Non-optimum distribution of the field along with the fact that the screen is a nearly flat surface (and not spherical) can produce two kinds of lack of color registration, commonly known as convergence errors.
These are (a) astigmatism and (b) coma effects.(a) Astigmatism. As shown in Fig. (a), with a uniform field the rays from a vertical row of points (P, G, Q) converge short of the screen producing a vertical focal line on the screen. However, rays (R, G, B) from a row of horizontal points converge beyond the screen producing a horizontal line on the screen.
Such an effect is known as astigmatism and causes convergence errors. In the case of a P.I.L. tube, beams R, G and B emerge only from a horizontal line and so any vertical astigmatism will have no effect. However, if horizontal astigmatism is to be avoided, the horizontal focus must be a point on the screen and not a line for any deflection.
A given change in the shape of the deflection field produces opposite changes in vertical and horizontal astigmatic effects. Since vertical astigmatism is of no consequence in a P-I-L tube, suitable field adjustments can be made to ensure that the beams coming from in-line guns in a horizontal line converge at the same point on the screen irrespective of the deflection angle. Such a correction will however, be at the cost of a much larger vertical astigmatism but as stated above it does not interfere with the correct registration of various colors.(b) Coma Effect.
Due to non-uniformity of the deflection field all the beams are not deflected by the same amount. As shown in Fig (b) the central beam (green) deflects by a smaller amount as compared to the other two beams.
For a different non-uniformity of the deflection field, the effect could be just opposite producing too large a displacement of the central beam. Such a distortion is known as coma and results in mis-convergence of the beams.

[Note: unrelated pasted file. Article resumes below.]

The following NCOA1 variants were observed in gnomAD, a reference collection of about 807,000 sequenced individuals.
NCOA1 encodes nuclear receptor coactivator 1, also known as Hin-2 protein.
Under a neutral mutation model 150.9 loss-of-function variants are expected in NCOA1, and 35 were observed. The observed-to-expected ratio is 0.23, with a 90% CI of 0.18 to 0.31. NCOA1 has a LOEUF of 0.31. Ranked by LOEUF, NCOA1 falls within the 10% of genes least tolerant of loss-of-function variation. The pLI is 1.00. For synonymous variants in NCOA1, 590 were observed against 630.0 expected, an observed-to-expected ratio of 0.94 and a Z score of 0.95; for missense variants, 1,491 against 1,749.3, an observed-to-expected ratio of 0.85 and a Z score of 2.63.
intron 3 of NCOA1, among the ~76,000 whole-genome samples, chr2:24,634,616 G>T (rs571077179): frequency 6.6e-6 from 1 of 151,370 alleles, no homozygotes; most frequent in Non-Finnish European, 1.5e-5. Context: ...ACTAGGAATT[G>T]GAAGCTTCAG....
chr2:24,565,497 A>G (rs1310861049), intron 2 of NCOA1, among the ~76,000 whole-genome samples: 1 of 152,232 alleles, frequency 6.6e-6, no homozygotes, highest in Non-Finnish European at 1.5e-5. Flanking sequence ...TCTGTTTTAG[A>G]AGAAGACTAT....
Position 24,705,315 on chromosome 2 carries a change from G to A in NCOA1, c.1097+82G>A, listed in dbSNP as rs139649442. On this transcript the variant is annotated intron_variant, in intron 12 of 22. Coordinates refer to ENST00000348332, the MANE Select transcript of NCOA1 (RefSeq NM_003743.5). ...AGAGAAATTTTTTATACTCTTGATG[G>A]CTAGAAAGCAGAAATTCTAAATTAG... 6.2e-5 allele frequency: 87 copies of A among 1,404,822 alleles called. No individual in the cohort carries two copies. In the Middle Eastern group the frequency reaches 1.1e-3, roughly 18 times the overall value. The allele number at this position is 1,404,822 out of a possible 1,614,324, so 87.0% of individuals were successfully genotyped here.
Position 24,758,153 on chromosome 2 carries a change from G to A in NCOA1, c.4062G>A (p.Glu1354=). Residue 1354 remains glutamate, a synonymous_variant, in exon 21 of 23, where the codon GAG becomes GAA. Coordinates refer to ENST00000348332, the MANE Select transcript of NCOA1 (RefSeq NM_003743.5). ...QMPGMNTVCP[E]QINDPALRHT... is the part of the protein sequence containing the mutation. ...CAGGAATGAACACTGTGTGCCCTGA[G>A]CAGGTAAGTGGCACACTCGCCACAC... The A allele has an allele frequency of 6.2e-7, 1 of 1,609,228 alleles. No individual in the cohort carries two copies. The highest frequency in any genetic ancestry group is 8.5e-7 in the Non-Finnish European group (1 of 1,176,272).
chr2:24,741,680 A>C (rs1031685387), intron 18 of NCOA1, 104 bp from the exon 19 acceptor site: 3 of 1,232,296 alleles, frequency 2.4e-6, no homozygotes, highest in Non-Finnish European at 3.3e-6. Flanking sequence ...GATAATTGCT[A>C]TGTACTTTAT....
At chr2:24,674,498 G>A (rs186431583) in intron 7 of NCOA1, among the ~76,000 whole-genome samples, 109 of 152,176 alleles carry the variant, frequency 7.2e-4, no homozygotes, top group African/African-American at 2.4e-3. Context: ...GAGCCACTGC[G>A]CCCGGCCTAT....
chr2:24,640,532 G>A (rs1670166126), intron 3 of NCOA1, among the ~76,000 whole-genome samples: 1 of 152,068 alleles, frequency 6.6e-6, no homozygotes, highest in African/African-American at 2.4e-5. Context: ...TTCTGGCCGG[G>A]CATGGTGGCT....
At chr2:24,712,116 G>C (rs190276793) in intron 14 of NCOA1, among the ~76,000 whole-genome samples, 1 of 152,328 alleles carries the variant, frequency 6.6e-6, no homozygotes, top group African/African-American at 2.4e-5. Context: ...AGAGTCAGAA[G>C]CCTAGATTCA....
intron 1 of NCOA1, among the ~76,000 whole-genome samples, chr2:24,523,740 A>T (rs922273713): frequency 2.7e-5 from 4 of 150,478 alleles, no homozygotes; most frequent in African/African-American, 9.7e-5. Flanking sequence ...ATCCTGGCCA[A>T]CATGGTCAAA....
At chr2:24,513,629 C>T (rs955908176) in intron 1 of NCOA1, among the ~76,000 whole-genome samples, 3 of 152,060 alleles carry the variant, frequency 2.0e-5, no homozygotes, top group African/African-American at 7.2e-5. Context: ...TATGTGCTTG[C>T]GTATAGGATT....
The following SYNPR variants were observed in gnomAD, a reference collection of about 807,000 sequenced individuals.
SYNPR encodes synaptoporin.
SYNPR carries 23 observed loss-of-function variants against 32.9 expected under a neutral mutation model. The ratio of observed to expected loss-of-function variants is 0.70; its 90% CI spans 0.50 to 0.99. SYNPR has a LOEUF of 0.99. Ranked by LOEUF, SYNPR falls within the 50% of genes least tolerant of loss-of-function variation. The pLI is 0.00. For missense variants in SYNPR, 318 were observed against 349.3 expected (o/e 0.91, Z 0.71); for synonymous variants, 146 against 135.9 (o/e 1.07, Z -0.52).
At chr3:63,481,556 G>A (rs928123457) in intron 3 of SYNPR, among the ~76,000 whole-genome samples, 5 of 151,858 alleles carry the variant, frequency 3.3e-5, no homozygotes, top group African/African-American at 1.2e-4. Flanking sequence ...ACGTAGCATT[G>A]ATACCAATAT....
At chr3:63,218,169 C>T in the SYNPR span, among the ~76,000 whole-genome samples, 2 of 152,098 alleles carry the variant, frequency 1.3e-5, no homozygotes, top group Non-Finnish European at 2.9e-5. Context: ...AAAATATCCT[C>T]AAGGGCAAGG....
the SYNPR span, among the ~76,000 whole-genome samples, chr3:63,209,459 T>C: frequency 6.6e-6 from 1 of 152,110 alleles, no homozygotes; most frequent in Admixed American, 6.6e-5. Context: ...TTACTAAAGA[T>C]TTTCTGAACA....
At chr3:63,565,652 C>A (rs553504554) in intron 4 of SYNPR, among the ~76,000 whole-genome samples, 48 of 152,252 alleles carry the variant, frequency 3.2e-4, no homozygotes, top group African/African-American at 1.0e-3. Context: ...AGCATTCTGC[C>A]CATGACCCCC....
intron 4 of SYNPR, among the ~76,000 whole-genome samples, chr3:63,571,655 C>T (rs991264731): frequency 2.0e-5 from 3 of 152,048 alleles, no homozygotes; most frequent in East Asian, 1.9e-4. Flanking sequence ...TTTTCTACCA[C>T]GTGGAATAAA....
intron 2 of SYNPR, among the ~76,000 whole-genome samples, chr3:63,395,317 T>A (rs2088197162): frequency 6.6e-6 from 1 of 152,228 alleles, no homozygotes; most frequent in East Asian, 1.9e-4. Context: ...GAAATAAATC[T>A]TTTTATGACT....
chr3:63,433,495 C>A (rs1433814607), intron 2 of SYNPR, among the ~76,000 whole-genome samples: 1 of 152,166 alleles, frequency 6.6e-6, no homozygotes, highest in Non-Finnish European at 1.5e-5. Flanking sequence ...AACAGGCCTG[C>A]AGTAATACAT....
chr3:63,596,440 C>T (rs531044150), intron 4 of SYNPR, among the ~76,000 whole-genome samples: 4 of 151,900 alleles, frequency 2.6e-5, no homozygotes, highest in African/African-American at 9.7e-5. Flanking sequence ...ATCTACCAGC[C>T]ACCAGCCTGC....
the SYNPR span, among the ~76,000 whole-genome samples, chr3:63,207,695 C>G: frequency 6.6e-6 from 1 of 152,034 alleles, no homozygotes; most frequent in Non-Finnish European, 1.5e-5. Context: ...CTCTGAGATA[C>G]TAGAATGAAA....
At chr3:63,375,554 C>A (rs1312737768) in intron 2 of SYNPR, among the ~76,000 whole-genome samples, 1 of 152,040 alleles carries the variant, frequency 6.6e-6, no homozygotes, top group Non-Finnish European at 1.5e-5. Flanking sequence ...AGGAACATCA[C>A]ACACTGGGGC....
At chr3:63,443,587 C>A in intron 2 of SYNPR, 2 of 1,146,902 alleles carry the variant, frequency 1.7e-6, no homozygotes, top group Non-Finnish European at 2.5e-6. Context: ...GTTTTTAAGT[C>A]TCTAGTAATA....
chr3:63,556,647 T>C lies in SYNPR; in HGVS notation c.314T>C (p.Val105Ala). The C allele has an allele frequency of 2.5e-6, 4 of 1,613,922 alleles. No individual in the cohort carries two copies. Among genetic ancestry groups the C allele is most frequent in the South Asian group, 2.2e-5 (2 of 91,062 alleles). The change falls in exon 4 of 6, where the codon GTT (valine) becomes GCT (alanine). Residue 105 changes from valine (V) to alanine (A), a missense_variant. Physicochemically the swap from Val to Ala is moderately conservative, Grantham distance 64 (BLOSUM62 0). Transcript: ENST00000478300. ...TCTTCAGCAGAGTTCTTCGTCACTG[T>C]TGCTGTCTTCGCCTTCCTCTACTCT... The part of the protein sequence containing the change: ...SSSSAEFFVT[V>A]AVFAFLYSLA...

In order to correct astigmatic and coma effects different field configurations are necessary. To help understand this, it is useful to visualize the deflection field in roughly two parts, the half of it closer to the screen and the other half closer to the guns.
Astigmatism is caused by only that part of the field which is closer to the screen whereas coma effects occur due to non uniformities of the field all over the deflection area. To correct for mis convergence due to astigmatism in a P.I.L. tube the horizontal deflection field must be pincushion shaped and the vertical deflection field barrel shaped (Fig.) in the half near the screen.
But such a field configuration produces undue amounts of coma error. To circumvent this, the gun end of the field can be modified in such a way that the coma produced by the screen end field is just neutralized, thus giving a scan that is free from all convergence errors.
This needs that the field distribution at the gun end be barrel shaped horizontally and pincushion vertically. The above two requirements are illustrated in Fig. (b) which shows necessary details of horizontal and vertical field distributions relative to each other along the axis of the tube.
Though complicated, the above constraints of field distribution are met by proper deflection coil design and thus both astigmatic and coma effects are eliminated.